The Quiet Voice

So… in response to social media asking what’s on my mind. Here we go. A difficult truth.

My illness means that there’s a constant background hum in my head. A voice (or voices), on repeat, telling me You Can’t Do It. You can’t go on, there’s no point, just stop, you’re the worst, nobody cares.

Sometimes that noise becomes loud, overwhelming. Physical action (hiding, or at least getting to a place of safety) is necessary.

Right now, it’s telling me that nobody wants to see this. It’s not helpful, it’s just whingeing. Oh great, she’s off again. And that famous old retort known to depressed folk everywhere: Just Wanting Attention.

No.

This is how my mental illness manifests. People have asked, and some don’t believe it, but it’s true, and very real for me.

But…

If I’m able to cut through the noise, to listen carefully, there’s also a quiet but determined counter-voice. It just says ‘You Can. Keep going.’

It doesn’t always win. But I’m so glad that it’s still there.

My inner self hasn’t given up on me.

Still here.

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The Journey

Yesterday and today I’ve been away from home, ensconced in a lovely manor house with a group of friendly Pagans, learning about Chaplaincy. Much laughter but also seriousness, shared intention and determination.

Coming home this evening I felt empowered, as if another level had been reached through the unity of our work and perspective. I wanted to drive for miles to explore, or to go for a run when back… To Do Something, to hold on to that energy!

Of course, that wasn’t to be. I set my course and returned safely, to a quiet house with just a sleeping kitten and myself, pondering the adventure.

We set the foundation, charge our energy and prepare our focus. When the time is right, we will be ready to move – but not just yet. Enthusiasm isn’t fuel enough, not quite! 

We’re still in winter. Finding inspiration in the dark, the peace, the planning and story weaving. 

The journey has begun. But first gear has to be the starting point; or the prologue before the action. 

I will do my best to hold on to that laughter and determination, moving forward.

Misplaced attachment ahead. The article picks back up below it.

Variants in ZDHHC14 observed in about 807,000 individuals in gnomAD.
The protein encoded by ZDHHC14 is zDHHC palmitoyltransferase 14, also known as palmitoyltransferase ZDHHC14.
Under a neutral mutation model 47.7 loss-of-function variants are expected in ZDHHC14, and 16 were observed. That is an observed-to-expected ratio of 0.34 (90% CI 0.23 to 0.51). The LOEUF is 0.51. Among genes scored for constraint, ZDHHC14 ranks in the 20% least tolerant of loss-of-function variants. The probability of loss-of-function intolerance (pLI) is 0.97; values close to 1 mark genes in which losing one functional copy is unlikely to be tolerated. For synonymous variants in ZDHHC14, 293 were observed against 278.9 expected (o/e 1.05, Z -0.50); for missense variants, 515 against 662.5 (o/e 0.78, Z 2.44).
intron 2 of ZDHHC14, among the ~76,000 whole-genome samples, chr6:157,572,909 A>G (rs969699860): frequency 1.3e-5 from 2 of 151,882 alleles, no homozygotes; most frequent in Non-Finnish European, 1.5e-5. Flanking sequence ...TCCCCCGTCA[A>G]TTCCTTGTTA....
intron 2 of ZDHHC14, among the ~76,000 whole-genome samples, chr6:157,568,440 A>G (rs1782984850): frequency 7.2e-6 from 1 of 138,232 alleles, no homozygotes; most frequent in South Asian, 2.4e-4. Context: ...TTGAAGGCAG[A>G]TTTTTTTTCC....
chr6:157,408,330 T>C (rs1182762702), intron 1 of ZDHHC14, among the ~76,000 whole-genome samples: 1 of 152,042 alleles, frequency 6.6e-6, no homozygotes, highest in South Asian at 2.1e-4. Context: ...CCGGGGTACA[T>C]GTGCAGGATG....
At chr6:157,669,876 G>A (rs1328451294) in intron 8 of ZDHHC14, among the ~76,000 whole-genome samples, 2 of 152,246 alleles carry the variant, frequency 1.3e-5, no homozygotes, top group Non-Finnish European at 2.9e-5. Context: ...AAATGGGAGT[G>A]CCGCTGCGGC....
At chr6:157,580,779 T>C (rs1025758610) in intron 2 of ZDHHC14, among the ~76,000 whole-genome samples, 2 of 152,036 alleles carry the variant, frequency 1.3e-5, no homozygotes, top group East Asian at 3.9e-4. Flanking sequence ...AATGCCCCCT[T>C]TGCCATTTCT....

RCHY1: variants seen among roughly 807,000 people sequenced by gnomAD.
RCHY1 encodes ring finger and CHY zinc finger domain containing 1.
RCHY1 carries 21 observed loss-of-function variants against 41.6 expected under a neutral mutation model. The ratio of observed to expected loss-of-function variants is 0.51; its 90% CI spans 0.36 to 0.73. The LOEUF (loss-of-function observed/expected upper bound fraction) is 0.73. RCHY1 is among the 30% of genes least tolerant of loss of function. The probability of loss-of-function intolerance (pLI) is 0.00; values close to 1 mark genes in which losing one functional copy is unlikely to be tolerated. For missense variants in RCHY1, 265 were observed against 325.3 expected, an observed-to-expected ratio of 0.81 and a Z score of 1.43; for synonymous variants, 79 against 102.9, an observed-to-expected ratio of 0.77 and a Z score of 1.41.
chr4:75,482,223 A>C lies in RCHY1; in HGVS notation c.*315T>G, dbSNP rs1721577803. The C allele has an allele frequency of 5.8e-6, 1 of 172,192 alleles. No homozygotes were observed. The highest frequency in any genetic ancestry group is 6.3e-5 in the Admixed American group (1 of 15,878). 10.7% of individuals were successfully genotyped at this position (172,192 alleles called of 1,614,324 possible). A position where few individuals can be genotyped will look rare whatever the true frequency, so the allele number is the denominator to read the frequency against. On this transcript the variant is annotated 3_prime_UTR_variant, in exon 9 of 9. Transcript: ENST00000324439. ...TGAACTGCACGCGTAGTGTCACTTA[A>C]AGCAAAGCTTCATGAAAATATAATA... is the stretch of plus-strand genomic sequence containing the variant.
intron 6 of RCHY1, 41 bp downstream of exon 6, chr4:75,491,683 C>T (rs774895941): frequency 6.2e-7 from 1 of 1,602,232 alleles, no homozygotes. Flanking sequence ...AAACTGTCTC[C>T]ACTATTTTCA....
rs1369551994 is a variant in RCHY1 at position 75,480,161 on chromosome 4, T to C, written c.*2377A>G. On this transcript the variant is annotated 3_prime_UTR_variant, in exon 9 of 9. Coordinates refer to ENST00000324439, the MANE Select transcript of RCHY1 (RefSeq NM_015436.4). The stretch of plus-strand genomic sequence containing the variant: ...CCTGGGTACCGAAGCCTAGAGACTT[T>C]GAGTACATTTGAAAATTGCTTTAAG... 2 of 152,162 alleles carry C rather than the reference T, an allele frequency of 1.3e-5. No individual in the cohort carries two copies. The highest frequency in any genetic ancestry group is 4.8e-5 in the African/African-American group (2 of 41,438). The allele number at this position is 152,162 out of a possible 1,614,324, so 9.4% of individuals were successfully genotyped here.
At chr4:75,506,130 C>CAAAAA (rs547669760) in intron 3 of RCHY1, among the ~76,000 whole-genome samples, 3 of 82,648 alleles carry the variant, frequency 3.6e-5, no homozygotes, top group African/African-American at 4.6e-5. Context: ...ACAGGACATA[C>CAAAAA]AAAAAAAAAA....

Brimming Over with Wrongability

Like everyone, I’ve been told throughout my life when I’ve been at fault, whether it be by family members, teachers or friends. Nothing wrong with that – it’s how we learn, after all.

Except… for those times when your secret self cannot possibly believe it. Even if you can see why the other would call your thoughts, words or actions ‘wrong’, the determination rises to prove yourself right. Sometimes this is a battle. There can be casualties.

I’ve been seeing evidence of this in various places lately, contemplating the balance that is needed but often thrown askew by limited perspective or information. Notably in the rhetoric of politicians versus the op-eds of the Press, and the sound-bites of social media. Those who don’t want to see the full picture, because it would clash with their agenda – far easier to call ‘true/false’.

But it’s the voices of the artists that resonate most strongly with me. Those with fire in their heads, often called mental illness; I recall hearing once that the poor man is mad, while the rich merely eccentric. I may be somewhere in the middle, myself.

My fire isn’t stoked by madness – the black dog drags me away from the creative flame. But then from that darkness comes the determination once again, to strive forward and prove myself. I might not be ‘right’ (I’ll be the first to admit that!), but I want to explore the journey, the reasoning, the full story in each of its’ multitudinous hues. By burning your hand, you learn not to touch… but you learned this yourself, through truly feeling, experiencing, knowing that truth.

I’m not advocating attempts to fly by jumping off a roof to see if you can. As the late, great Bill Hicks said, ‘Start from the ground!’ But do start… and keep striving on. Because if we don’t, if all we do is believe the voices of others, then we surely lose our own.

‘Some day I must make a list of the reasons for which I have been thought mad and by whom: it would make such an amusing medley.’
(Explorer Dame Freya Stark, writing in 1930. From ‘Passionate Nomad’, by Jane Fletcher Geniesse)

‘The contrariness that others saw was really just the persistence of longings too important to let go of: images in his head kept alive by a fierce imagination that overruled an increasingly contrary world.’
(From ‘Van Gogh: The Life’, by Steven Naifeh & Gregory White Smith)